College Admission Advice

Competition for college admission to the top schools is getting tougher. That’s the kind of advice that can be very discouraging to some students. Harvard recently received more than 9,000 applications from students who had scored higher than 1400 on their SAT. And every year Stanford receives more applications from high school valedictorians than they could possibly admit. And there are similar stories at all the elite colleges and universities around the nation.

It’s very clear that the competition for college admission to the elite schools is getting tougher every year. Many of them reported record numbers of applications for college admission last year. But the good news is they have to admit someone and there’s still not much reason to pay for college admission advice as that’s not likely to help much…especially when it comes to gaining admission to one of the elite schools.

It’s important to keep this college admissions news in perspective. The first thing to realize is that although the news is true, the media tends to focus only on the elite schools. Don’t assume that’s the case at all schools and have a panic attack because the facts are that while you’ll have a hard time getting into Harvard, Stanford, Yale, etc. it’s still not overly difficult for qualified applicants to gain admission to a quality college or university.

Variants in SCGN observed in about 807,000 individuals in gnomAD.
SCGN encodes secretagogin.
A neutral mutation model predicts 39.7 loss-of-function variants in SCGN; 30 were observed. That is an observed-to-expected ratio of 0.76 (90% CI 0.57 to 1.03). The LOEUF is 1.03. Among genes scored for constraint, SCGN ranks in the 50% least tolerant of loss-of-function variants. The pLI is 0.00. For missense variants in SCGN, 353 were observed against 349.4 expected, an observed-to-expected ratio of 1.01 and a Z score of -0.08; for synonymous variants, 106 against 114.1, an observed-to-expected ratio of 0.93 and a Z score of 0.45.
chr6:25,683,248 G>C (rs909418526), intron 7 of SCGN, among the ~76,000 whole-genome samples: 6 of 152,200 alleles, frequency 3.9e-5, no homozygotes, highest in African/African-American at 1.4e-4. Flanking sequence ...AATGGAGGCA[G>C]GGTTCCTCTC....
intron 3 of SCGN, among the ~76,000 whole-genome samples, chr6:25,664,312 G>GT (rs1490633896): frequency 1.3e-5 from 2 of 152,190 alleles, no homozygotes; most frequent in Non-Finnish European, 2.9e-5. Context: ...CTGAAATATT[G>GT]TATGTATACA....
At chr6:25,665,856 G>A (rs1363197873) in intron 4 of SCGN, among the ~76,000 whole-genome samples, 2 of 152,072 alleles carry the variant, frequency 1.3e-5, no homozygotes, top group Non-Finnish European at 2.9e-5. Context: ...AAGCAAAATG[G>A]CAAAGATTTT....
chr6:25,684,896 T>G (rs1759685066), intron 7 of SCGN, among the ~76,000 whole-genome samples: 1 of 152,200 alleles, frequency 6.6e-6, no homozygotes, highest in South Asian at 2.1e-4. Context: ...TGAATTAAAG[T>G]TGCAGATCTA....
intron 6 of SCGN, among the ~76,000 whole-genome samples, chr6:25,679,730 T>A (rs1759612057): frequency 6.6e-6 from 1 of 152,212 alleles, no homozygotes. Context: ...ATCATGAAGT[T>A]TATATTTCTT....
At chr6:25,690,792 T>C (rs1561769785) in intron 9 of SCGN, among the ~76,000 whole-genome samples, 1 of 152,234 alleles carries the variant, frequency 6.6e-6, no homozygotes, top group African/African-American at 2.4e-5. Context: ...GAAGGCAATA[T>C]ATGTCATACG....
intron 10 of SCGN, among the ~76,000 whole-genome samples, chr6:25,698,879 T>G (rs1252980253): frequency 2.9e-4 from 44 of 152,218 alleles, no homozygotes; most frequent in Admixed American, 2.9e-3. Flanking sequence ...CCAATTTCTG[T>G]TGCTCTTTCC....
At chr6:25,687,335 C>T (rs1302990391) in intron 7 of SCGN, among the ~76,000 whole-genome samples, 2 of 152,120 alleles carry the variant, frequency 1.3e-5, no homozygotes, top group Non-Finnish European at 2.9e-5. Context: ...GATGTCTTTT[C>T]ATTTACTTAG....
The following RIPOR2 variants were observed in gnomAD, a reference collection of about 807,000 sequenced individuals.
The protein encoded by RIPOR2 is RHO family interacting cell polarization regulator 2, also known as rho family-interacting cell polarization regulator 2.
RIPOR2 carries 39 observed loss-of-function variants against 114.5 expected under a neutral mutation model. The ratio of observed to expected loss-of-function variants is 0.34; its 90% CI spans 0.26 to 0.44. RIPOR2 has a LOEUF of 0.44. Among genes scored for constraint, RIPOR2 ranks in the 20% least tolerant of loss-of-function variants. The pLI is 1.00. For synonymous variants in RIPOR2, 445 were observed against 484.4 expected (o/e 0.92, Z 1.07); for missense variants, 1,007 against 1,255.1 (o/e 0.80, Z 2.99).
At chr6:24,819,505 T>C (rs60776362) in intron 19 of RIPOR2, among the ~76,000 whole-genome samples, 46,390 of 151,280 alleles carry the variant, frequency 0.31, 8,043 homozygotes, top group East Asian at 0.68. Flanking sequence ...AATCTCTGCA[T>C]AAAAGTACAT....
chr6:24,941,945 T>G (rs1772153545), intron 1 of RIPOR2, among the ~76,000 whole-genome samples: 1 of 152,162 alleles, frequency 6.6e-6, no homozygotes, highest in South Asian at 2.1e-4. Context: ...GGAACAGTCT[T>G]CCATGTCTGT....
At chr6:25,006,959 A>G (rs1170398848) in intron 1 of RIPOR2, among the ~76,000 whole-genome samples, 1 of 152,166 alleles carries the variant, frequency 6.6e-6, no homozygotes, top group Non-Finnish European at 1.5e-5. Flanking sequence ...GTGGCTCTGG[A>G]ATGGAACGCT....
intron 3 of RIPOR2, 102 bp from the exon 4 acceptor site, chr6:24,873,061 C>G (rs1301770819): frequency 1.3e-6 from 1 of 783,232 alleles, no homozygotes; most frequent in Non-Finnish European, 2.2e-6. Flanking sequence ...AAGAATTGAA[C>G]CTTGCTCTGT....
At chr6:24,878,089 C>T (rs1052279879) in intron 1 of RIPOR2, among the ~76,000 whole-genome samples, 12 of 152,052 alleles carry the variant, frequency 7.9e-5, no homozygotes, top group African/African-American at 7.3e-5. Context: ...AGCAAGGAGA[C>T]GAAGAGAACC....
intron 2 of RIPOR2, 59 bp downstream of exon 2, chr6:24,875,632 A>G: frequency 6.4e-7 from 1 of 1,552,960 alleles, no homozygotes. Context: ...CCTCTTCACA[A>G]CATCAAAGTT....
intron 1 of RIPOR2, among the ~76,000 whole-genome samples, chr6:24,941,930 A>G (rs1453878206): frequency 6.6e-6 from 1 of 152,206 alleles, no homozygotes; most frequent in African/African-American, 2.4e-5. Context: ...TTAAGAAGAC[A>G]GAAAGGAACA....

Certainly there are a few dozen elite schools that accept fewer than 25% of the applicants each year. But consider that there are over 2,500 four year colleges and universities in America and you’ll begin to realize how many other choices you have. There are plenty of quality schools still looking for students to fill out their freshman classes.

The reality of the situation is that the few dozen elite schools get to pick the cream of the crop and the rest of the schools are fighting to attract high caliber college students. You’ll be hard pressed to find more than a few dozen schools that accept less than 25% of college admissions application and only about 50 that accept less than half. That leaves a lot of opportunity on the table. Look on the bright side, if you are accepted to your second choice, there’s a good chance they’ll want you more and offer you a better financial aid packager than the other college or university. Who knows, perhaps you’ll even end up with a full scholarship that will leave you debt-free upon college graduation. That’s nothing to sneeze at.

If you are a stellar student, the best college admissions advice may be to apply to one or more “stretch” schools where your admissions chances are not at all guaranteed but have one or more fallback schools that you find acceptable and where your admission is probable. If you put all your eggs in one basket and count on getting accepted to an Ivy League school or Stanford or Northwestern you’re only setting yourself up for disappointment. Do the smart thing and also apply to a few other quality schools.